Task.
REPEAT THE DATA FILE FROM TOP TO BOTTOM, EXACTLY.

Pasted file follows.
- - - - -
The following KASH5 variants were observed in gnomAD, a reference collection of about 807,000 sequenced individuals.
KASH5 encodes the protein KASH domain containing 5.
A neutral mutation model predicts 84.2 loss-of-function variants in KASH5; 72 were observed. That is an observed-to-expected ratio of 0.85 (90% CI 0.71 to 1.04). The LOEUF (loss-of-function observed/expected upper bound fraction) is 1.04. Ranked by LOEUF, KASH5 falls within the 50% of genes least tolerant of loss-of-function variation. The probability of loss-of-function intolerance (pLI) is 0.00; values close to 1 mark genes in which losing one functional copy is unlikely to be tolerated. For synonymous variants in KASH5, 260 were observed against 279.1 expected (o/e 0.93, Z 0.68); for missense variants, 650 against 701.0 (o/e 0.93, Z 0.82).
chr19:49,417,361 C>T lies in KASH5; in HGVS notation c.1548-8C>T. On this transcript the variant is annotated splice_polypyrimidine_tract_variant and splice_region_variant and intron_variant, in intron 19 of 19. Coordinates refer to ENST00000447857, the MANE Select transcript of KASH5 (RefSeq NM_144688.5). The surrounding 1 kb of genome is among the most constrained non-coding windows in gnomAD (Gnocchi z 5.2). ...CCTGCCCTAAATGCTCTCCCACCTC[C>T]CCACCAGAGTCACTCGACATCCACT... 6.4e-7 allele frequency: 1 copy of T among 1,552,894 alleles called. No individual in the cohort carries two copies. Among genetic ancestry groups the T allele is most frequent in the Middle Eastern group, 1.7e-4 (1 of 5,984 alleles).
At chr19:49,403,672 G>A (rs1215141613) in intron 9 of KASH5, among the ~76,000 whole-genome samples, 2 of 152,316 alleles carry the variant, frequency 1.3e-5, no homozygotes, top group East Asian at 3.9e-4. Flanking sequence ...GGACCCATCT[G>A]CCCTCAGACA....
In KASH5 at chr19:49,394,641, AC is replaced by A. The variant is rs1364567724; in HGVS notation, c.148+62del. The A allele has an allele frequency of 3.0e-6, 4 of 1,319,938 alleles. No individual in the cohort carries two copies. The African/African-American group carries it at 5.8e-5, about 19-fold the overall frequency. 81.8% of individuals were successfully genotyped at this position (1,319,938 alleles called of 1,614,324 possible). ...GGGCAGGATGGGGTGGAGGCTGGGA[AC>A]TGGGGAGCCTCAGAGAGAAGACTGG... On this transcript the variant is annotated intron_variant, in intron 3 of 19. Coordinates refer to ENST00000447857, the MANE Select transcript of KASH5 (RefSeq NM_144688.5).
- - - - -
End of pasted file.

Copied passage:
The following KASH5 variants were observed in gnomAD, a reference collection of about 807,000 sequenced individuals.
KASH5 encodes the protein KASH domain containing 5.
A neutral mutation model predicts 84.2 loss-of-function variants in KASH5; 72 were observed. That is an observed-to-expected ratio of 0.85 (90% CI 0.71 to 1.04). The LOEUF (loss-of-function observed/expected upper bound fraction) is 1.04. Ranked by LOEUF, KASH5 falls within the 50% of genes least tolerant of loss-of-function variation. The probability of loss-of-function intolerance (pLI) is 0.00; values close to 1 mark genes in which losing one functional copy is unlikely to be tolerated. For synonymous variants in KASH5, 260 were observed against 279.1 expected (o/e 0.93, Z 0.68); for missense variants, 650 against 701.0 (o/e 0.93, Z 0.82).
chr19:49,417,361 C>T lies in KASH5; in HGVS notation c.1548-8C>T. On this transcript the variant is annotated splice_polypyrimidine_tract_variant and splice_region_variant and intron_variant, in intron 19 of 19. Coordinates refer to ENST00000447857, the MANE Select transcript of KASH5 (RefSeq NM_144688.5). The surrounding 1 kb of genome is among the most constrained non-coding windows in gnomAD (Gnocchi z 5.2). ...CCTGCCCTAAATGCTCTCCCACCTC[C>T]CCACCAGAGTCACTCGACATCCACT... 6.4e-7 allele frequency: 1 copy of T among 1,552,894 alleles called. No individual in the cohort carries two copies. Among genetic ancestry groups the T allele is most frequent in the Middle Eastern group, 1.7e-4 (1 of 5,984 alleles).
At chr19:49,403,672 G>A (rs1215141613) in intron 9 of KASH5, among the ~76,000 whole-genome samples, 2 of 152,316 alleles carry the variant, frequency 1.3e-5, no homozygotes, top group East Asian at 3.9e-4. Flanking sequence ...GGACCCATCT[G>A]CCCTCAGACA....
In KASH5 at chr19:49,394,641, AC is replaced by A. The variant is rs1364567724; in HGVS notation, c.148+62del. The A allele has an allele frequency of 3.0e-6, 4 of 1,319,938 alleles. No individual in the cohort carries two copies. The African/African-American group carries it at 5.8e-5, about 19-fold the overall frequency. 81.8% of individuals were successfully genotyped at this position (1,319,938 alleles called of 1,614,324 possible). ...GGGCAGGATGGGGTGGAGGCTGGGA[AC>A]TGGGGAGCCTCAGAGAGAAGACTGG... On this transcript the variant is annotated intron_variant, in intron 3 of 19. Coordinates refer to ENST00000447857, the MANE Select transcript of KASH5 (RefSeq NM_144688.5).